It was also about the slavery laws and the fear that more black men and women would be raped or hung.
If Joe Louis, the colored man about to take place in the boxing match, won then it would be more peace for the black race.
For instance the girl feels that if Joe was to lose the boxing match that African Americans "..back in slavery and beyond help.
It would all be true, the accusations that we were lower types of human beings. Angelou writes with a certain rhythm, Angelou has a unique power to help readers of every kind understand the racial problems that she faced throughout her life.
The very first sentence is a great example to show the eagerness of the crowd by saying, “The last inch of space was filled, yet people continued to wedge themselves along the walls of the Store.” This shows the readers how important it truly was to them.
There is more anticipation leading up to the end of the fight and the crowd listening can’t determine the winner until Joe himself speaks into the microphone at the end of the fight.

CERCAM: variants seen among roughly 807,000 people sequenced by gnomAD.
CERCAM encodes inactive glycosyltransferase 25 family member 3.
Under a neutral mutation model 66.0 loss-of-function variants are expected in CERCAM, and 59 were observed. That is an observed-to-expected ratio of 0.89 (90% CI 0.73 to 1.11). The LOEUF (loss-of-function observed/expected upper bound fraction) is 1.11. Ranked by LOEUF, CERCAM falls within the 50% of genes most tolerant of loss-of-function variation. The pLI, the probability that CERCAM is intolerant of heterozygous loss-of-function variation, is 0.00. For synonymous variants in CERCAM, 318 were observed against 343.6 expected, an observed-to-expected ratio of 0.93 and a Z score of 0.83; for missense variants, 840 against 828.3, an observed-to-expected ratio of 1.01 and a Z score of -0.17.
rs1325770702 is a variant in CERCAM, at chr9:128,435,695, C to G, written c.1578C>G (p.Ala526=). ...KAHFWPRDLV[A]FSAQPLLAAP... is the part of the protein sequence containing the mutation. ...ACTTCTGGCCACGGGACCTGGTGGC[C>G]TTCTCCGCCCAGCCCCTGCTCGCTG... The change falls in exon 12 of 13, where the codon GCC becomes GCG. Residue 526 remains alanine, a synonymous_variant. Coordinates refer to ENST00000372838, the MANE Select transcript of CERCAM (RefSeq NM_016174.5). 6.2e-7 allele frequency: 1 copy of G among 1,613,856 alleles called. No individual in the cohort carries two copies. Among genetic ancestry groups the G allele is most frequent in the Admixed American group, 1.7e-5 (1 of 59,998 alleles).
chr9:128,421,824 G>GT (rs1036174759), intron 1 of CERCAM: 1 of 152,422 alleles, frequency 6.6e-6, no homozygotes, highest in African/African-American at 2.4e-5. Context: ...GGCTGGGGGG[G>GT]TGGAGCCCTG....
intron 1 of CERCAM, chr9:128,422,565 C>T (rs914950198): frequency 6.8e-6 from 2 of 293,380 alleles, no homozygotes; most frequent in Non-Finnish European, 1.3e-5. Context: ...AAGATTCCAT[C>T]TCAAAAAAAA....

In this short story, a white male is beating down an African American male in a boxing match for the title, "..the Negroes around the world who sat sweating and praying..." (Angelou 87).
This translates to the racial aspects of the white society between the African American and racism in the 1930's and 40's.
She is best known for her books, including her series of seven autobiographies, starting with the critically acclaimed I Know Why the Caged Bird Sings (1969).
Angelou wrote collections of essays, including Wouldn't Take Nothing for My Journey Now (1993) and Even the Stars Look Lonesome (1997), which writer Hilton Als called her "wisdom books" and "homilies strung together with autobiographical texts".